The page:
Action vs. reflection?...
Thus we can summarise their two positions (and re-integrate them into our thinking about Pride and Prejudice) as follows:
Where does Austen fit in? To what extent can we see P&P as a dialogue between these two positions (Self as sum of experiences vs. Self as mediator and co-creator of experience)?
(1) On Tuesday, I asked you to think about the way the following terms and concepts interact in the novel:
Note that I'm particularly interested in the interplay among these ideas, i.e. what does "character" have to do with "portraiture" and "perspective"? Why are these relationships important to the novel?
(2) How does Pemberley--as a place and as an idea--function in the last third of the novel? Note very carefully just how Elizabeth's series of epiphanies work there. How do the above terms (character, potraiture, perspective) operate in the Pemberley scenes?
(3) Belatedly, for this should have been among the study questions for last time--what tensions drive the novel? What single major tension is introduced in the first three chapters of the novel, and serves to motivate its plot (which many of you have dismissed as trivial or frivolous)?
(4) Think very hard about the ending of the novel. Are you satisfied? Why or why not? Why does Austen end the novel this way (I am referring to the last three chapters, not just the last paragraph)? When you have considered the ending of the novel in broader terms, look at the concluding paragraph. Why do you supposed Austen chose to finish here? Finally, look back at the opening of the novel. Has your relationship to this opening sentence changed? Do you feel, now, that it is a suitable/unsuitable/informative/ironic/? introduction to the book?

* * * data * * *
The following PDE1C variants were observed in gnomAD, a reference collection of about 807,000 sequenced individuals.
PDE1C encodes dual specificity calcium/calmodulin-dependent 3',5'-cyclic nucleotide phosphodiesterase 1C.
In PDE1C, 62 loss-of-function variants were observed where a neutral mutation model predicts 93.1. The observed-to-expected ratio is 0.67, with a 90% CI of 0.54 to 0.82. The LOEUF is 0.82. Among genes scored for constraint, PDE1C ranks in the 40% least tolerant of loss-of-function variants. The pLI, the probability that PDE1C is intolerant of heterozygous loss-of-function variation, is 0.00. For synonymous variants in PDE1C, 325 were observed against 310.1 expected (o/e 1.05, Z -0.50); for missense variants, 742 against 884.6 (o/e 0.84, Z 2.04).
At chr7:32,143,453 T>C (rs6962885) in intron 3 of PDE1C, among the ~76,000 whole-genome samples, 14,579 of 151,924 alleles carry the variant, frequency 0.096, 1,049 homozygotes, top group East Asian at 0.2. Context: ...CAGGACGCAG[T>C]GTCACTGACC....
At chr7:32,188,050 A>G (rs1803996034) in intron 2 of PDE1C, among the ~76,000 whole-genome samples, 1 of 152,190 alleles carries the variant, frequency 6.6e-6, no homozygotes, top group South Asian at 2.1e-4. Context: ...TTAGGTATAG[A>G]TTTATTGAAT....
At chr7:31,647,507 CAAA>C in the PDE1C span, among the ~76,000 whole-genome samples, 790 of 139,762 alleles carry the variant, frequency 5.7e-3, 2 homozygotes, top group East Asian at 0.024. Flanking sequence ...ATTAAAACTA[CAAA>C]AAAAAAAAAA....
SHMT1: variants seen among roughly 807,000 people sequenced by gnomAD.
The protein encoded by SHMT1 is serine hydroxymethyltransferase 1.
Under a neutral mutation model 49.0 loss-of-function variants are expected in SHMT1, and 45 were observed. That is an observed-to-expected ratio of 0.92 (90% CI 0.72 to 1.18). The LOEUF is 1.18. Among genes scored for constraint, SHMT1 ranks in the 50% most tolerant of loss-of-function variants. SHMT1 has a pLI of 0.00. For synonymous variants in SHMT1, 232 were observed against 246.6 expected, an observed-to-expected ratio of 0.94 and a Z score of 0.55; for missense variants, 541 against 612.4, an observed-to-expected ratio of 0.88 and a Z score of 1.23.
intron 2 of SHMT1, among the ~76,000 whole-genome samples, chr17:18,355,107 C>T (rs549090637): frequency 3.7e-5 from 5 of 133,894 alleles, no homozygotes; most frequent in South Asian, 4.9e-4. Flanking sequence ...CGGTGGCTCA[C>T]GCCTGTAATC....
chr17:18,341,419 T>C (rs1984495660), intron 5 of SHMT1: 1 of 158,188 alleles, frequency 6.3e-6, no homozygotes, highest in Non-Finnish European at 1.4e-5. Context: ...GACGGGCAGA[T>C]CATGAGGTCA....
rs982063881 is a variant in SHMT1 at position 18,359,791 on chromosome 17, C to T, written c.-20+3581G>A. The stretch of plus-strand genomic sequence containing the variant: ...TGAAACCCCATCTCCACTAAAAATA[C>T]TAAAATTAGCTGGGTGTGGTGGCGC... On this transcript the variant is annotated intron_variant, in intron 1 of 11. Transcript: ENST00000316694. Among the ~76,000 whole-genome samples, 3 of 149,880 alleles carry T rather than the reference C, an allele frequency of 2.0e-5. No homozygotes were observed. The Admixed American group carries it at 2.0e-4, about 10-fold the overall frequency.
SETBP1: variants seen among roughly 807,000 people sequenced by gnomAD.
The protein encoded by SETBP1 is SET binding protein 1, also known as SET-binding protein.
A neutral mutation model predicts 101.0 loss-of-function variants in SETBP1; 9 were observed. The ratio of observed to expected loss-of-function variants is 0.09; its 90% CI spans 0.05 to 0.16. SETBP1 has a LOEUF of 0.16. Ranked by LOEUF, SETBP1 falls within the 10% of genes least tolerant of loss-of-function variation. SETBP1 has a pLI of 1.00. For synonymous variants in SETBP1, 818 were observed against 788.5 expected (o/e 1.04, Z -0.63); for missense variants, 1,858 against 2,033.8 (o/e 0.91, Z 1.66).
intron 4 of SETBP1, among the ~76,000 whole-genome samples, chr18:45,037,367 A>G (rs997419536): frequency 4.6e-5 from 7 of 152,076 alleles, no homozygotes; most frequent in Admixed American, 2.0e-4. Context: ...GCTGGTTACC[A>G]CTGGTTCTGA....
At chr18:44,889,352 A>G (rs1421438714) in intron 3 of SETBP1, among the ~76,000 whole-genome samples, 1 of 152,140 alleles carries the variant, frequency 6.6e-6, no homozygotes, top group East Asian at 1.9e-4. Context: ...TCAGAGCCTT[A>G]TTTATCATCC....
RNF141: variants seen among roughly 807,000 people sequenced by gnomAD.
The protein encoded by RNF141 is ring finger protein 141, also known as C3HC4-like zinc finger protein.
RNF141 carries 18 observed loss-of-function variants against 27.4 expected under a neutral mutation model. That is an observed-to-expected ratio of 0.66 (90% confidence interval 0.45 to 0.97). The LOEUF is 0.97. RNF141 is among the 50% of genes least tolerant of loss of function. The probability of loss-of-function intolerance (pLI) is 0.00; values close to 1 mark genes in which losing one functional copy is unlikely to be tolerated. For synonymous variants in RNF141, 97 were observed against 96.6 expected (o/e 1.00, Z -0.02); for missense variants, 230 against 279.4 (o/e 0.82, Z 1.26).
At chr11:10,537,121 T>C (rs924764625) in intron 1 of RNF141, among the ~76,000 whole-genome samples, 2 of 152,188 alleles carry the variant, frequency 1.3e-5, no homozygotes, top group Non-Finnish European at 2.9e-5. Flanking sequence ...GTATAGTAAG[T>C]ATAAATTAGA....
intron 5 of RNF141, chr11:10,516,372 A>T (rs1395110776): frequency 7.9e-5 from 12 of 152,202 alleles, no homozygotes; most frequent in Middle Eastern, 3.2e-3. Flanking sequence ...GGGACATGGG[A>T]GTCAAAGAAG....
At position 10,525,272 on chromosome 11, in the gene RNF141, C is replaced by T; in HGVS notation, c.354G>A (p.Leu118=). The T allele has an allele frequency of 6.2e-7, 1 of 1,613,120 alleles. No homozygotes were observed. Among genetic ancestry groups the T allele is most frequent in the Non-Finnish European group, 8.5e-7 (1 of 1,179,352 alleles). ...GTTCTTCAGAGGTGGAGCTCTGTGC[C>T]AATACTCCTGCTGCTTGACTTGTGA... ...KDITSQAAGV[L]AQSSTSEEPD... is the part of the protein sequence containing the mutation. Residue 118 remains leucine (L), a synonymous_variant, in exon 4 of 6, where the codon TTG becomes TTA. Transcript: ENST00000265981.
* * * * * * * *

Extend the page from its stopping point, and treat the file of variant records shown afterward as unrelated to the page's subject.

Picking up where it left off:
(5) Now that you have read the whole thing, what is marriage in this novel? What is it for? What are the right reasons to marry? And what are the characteristics of a successful marriage? Why does Austen choose marriage as the theme of her novel, and how does it serve her as a platform from which to examine more global concerns? Note that a wide variety of different marriages are portrayed here. What is revealed, through Austen's treatment of this topic, about the characters, about the world of the novel, about Austen's world, and about you as Jane Austen's reader?
(6) Is this novel really a "chick book," and if so, why?
(I am not looking for the obviously sexist and dismissive answer, "because
only chicks care about this stuff." IF that's the case,
then why do you think it is the case? Is it simply that women
are willing to identify with male narrators/protagonists, but not vice
versa? Or is there more to it than that?)
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